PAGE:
Copper and zinc prices jumped on Thursday after the London Metal Exchange restricted delivery of the metals by Ural Mining and Metallurgical Company in response to UK sanctions on its co-founder.
The LME said it would ban UMMC’s copper and zinc from its warehouses and prevent the metals from being used to fulfil futures contracts unless the owner of the metal can prove the exchange will not violate UK sanctions.
The ruling came after the UK government imposed sanctions on UMMC’s president Iskander Makhmudov at the end of last month as part of its sweeping penalties on Russia since it invaded Ukraine.
Britain has restricted financial institutions from doing business with hundreds of Russian companies and individuals it suspects of links to the regime of President Vladimir Putin.
The move is the biggest intervention yet by the LME, the world’s largest metals marketplace, to restrict the flow of Russian metal through its market. UMMC is Russia’s second-largest copper producer, supplying just under half of the country’s refined copper production.
Following the LME’s move, copper gained as much as 2 per cent to trade at $7,853 per tonne on Thursday, its highest level in just under a month, while zinc prices rose as much as 2.3 per cent to $3,148 a tonne. Prices slipped back as investors worried about slowing global economic growth.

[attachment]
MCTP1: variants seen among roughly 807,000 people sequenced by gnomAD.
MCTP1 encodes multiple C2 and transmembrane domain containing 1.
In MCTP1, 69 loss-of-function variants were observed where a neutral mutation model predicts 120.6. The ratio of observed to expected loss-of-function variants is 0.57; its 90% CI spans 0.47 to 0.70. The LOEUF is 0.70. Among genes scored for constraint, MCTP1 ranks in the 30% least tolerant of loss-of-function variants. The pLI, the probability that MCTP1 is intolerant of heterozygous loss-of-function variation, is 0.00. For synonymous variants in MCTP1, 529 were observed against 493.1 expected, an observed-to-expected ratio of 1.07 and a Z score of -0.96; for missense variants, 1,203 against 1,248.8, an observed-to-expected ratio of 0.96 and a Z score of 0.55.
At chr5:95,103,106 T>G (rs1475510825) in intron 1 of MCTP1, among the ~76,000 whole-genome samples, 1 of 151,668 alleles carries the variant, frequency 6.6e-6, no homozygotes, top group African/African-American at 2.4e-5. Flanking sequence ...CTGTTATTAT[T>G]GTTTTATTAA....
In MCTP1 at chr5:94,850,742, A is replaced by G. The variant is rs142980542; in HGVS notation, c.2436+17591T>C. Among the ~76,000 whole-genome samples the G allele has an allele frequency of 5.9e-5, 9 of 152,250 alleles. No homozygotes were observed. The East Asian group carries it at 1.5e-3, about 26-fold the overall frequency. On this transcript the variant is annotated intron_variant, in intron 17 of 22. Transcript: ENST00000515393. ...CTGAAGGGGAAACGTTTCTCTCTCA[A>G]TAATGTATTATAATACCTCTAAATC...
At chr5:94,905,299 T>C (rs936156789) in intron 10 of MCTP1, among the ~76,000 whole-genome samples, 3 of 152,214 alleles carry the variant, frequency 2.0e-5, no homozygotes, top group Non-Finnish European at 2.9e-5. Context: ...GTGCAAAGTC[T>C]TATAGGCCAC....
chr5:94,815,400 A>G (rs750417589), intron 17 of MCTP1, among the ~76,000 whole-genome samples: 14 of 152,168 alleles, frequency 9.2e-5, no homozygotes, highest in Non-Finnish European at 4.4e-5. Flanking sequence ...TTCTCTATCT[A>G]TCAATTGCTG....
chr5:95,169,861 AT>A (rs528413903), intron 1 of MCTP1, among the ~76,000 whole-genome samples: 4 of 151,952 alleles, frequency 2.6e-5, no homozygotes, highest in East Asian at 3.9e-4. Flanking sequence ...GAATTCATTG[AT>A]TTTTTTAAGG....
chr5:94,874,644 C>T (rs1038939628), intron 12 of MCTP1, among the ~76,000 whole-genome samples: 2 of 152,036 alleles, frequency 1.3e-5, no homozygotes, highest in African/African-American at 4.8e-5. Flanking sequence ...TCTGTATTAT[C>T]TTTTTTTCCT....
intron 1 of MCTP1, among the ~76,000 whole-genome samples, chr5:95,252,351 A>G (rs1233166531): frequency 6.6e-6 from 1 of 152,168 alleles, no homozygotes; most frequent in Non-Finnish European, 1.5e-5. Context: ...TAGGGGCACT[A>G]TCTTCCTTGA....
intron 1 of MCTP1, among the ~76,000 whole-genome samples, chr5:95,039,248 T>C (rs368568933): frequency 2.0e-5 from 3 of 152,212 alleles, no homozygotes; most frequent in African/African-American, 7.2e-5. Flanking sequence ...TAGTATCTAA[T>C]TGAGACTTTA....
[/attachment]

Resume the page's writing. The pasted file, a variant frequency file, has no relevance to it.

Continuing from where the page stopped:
The stream of sanctions has provoked a debate among the LME’s users over whether the exchange should ban products from Russia.
The LME said last week that it was considering banning new Russian metals from entering the market. It would need to make formal proposals to its members.
US aluminium producer Alcoa has encouraged the exchange to ban material from Russia but Russian rival Rusal has warned the move would fuel volatility in the market.
“The LME seems to be proceeding by the book, moving against companies and their metal only when they or their principals are sanctioned,” said Edward Meir, president of Commodity Research Group.
Global industrial metals prices have tumbled this year on fears of an economic slowdown but tight supply caused by energy shortages and “self-sanctioning” of Russian metal has put a floor on prices.
Zinc prices gained further support on Thursday after Glencore announced on Wednesday that it would temporarily shut a zinc smelter in northern Germany from November 1 because of high energy prices.
Policymakers in the west have been careful to avoid imposing sanctions on Russian metals such as nickel, palladium and aluminium directly, in part because of the country’s important role as a global supplier.
Makhmudov was among the targets in the UK’s new package of sanctions, introduced on Russia in response to the referendums in four regions of Ukraine that Nato called “a sham”.
UMMC said several months ago that Makhmudov, an oligarch with an estimated net worth of £2.7bn, was no longer a controlling beneficiary and had left the board. The LME said on Thursday it believed Makhmudov owns or controls UMMC.
UMMC copper already in the LME warehouse system will not be subject to restrictions since the Russian company does not retain ownership over the metal and none of its subsidiary’s zinc is held in the system, the exchange said.
A ban on LME warranting does not necessarily prevent Russia from exporting material but the restrictions will make it harder for Russian metal to reach the market and could encourage more “self-sanctioning” by buyers.